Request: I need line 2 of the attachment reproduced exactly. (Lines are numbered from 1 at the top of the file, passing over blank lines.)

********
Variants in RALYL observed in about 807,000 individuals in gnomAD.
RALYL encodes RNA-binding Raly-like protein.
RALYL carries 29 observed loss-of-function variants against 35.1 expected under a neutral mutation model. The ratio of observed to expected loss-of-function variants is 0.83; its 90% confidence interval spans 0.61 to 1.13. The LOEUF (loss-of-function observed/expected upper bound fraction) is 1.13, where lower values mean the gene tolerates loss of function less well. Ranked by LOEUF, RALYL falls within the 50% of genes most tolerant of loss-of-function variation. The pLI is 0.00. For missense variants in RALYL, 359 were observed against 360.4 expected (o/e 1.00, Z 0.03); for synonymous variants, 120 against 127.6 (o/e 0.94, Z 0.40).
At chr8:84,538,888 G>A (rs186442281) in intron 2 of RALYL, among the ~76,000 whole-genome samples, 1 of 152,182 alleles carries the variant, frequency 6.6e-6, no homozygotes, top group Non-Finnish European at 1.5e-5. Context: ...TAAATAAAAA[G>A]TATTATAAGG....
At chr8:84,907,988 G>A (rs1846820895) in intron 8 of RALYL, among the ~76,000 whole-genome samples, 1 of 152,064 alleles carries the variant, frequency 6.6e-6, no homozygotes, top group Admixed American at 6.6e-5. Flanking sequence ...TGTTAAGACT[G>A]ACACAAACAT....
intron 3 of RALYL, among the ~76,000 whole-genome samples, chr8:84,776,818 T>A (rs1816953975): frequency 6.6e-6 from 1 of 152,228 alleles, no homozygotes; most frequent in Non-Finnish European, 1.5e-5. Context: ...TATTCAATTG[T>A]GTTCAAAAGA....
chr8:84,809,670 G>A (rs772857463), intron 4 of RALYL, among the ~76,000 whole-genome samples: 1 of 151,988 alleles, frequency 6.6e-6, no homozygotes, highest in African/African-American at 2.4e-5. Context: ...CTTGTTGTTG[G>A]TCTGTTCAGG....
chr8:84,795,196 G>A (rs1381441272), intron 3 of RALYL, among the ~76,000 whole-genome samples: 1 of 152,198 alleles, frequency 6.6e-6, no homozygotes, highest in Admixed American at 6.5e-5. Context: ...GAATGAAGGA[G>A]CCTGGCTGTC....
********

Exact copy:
RALYL encodes RNA-binding Raly-like protein.